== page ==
Reducing gases enter through an inlet line 30 and can consist of a gaseous hydrocarbon such as propane. The reduction gas or gases can be mixed with oxygen in less than stoichiometric amounts to accurately pre-set the reduction potential, the oxygen being derived by means of a line 31 and a valve 32 from a main oxygen line 33. The oxygen feed line 14 connects to the main feed line 33 through a valve 34. By mixing controlled proportions of oxidizing gas with reducing gas, specific, selective refining of the smelt can be carried out.
A combustible gas is introduced through a line 35 and is blown on the smelt 16 through the lance 23, the combustible gas being brought to combustion at its point of striking the hot surface of the molten bath so that an optimum heat transfer to the molten bath is achieved. With endothermic reduction processes, exactly the desired reduction temperature for the smelt can be pre-set and the desired volatilization reaction can be controlled. If the atmosphere in the top blowing reactor 18 no longer contains sufficient oxygen in the area of the discharge of the lance 23 for burning the combustible gas, then air or oxygen can be branched off from the main oxygen line 33 by means of a line 36 controlled by a valve 37 to be added to the combustible gas in the line 35.
The furnace may also be provided with an additional burner 38 in one wall of the furnace housing 15 to supply hot gases for compensating for heat losses. Oxidizing gases are blown onto the smelt 16 through the lance 22 so that the lance 22 is simply connected to the main oxygen line 33. The remaining sulfur in the form of sulfide which is not converted to sulfur dioxide in the melting cyclone 13 as well as other oxidizable components can be re-oxidized in the molten bath.
Viewed in the direction of the arrow 17, from the smelt collecting space to the discharge 19, the first lance 22 or group of lances generates an oxidizing atmosphere, the second lance 23 or group of lances generates a neutral atmosphere and the third lance 24 or group thereof can generate a reducing atmosphere so that all possible conditions for treating the slag with respect to mass transfer as well as to heat transfer can be obtained in an optimum manner.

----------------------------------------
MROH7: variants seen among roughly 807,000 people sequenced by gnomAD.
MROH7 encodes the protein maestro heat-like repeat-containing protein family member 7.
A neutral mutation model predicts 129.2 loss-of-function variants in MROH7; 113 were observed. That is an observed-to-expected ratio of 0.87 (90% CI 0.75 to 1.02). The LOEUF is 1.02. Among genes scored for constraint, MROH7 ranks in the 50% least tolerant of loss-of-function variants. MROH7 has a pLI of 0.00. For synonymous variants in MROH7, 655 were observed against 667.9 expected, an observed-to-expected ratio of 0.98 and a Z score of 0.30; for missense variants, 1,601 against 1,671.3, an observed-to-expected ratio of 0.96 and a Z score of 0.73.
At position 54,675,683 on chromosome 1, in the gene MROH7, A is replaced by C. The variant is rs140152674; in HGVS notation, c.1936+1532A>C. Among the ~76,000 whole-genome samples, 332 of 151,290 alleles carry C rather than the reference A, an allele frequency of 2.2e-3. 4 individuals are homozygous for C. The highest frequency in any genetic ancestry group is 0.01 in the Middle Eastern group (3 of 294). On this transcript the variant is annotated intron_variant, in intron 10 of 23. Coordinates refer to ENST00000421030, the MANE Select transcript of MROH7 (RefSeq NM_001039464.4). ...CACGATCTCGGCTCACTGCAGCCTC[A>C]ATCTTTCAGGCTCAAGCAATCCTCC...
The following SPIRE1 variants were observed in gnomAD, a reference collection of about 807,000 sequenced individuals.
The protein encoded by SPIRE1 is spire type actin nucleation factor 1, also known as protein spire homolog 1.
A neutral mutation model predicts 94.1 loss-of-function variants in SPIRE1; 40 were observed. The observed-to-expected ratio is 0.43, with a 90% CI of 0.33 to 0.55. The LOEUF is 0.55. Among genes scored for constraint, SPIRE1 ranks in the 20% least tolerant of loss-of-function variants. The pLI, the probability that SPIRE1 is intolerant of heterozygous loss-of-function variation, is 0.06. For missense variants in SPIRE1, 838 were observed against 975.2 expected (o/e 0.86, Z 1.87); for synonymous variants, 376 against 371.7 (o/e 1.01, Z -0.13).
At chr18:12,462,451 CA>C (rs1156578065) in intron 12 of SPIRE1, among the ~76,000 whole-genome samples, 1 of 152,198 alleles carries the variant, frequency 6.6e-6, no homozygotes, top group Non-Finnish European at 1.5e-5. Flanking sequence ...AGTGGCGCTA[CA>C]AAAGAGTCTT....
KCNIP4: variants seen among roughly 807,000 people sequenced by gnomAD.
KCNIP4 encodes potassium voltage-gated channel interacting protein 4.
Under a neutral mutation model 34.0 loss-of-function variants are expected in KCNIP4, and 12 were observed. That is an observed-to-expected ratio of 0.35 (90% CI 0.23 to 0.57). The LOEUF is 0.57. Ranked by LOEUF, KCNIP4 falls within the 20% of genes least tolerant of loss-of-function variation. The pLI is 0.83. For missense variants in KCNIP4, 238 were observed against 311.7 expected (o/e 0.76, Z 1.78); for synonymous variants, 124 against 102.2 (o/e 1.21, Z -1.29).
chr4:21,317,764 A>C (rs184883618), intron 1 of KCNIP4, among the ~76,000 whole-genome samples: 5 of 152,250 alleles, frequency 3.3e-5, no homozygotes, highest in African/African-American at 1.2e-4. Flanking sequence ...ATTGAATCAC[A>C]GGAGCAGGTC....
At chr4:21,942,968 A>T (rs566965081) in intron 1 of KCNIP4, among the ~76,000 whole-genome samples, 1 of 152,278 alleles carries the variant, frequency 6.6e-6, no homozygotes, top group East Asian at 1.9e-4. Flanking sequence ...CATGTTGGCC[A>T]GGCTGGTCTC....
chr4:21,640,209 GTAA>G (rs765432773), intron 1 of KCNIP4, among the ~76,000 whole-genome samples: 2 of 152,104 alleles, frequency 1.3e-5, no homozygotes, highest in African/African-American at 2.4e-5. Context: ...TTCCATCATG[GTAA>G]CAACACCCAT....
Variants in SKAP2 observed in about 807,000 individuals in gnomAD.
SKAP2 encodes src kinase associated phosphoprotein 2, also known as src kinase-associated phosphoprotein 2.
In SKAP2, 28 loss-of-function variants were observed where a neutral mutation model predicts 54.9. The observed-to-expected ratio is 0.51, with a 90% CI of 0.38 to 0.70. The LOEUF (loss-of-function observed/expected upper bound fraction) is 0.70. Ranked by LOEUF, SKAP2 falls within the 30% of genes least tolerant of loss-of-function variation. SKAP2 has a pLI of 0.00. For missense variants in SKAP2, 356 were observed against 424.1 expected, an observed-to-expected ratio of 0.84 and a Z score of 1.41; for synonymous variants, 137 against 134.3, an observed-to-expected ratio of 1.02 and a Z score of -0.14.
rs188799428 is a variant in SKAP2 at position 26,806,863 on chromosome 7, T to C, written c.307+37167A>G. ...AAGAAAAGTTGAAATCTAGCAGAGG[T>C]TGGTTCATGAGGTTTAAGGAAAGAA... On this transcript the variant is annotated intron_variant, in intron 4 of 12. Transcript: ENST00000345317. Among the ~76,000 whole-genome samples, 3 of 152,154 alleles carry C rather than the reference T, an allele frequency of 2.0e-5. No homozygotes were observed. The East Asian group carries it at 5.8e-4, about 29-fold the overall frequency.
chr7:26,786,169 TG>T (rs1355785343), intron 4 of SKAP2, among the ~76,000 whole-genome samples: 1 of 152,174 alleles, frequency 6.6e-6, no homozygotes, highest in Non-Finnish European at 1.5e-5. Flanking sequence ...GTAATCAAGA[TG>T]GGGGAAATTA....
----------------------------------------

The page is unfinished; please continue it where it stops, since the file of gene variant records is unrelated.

It is also possible to substitute a flash smelting unit for the smelting cyclone 13.
The following specific example illustrates conditions of operation when utilizing a Partition 27 in the furnace:
______________________________________Input:Concentrate 1000 kg/h--Cu 25%--Fe 30%--S 33%QuartzSlag forming elements 110 kg/hLimemixed with concentrate 60 kg/hOxygen-cyclone 240 Nm3 /hPropaneTop blowing lance 26 Nm3 /hOxygengas mixture 64 Nm3 /hOutput:Copper matte 325 kg/h--Cu 72%--Fe 5%Slag 660 kg/h--Cu 0.5%--Fe 43%--SiO2 28%CaO 9%Dust cyclone 48 kg/h--Cu 13%Waste gas cyclone 270 Nm3 /h--SO2 67%Dust/top blowing reactor 7 kg/hWaste gas/top blowing reactorbefore afterburning 200 Nm3 /h______________________________________
The following example illustrates the conditions obtaining in a furnace installation without Partition 27:
______________________________________Concentrate analysis:Cu 23.5%Fe 30.7%S 32.0%SiO2 5.2%CaO 0.9%Input:Concentrate 182 t/DaySilica sand 29 t/DayLimestone 18 t/DayMixture 229 t/DayOxygen 95% O2(Cyclone + Lances) 215 Nm3 /t mixturePropane (Lances) 7 Nm3 /t mixtureOutput:Copper matte 58 t/DayCu >70%Slag 129 t/DayCu 0.5%Waste gas before afterburning 215 Nm3 /t mixture______________________________________
It will be evident that various modifications can be made to the described embodiments without departing from the scope of the present invention.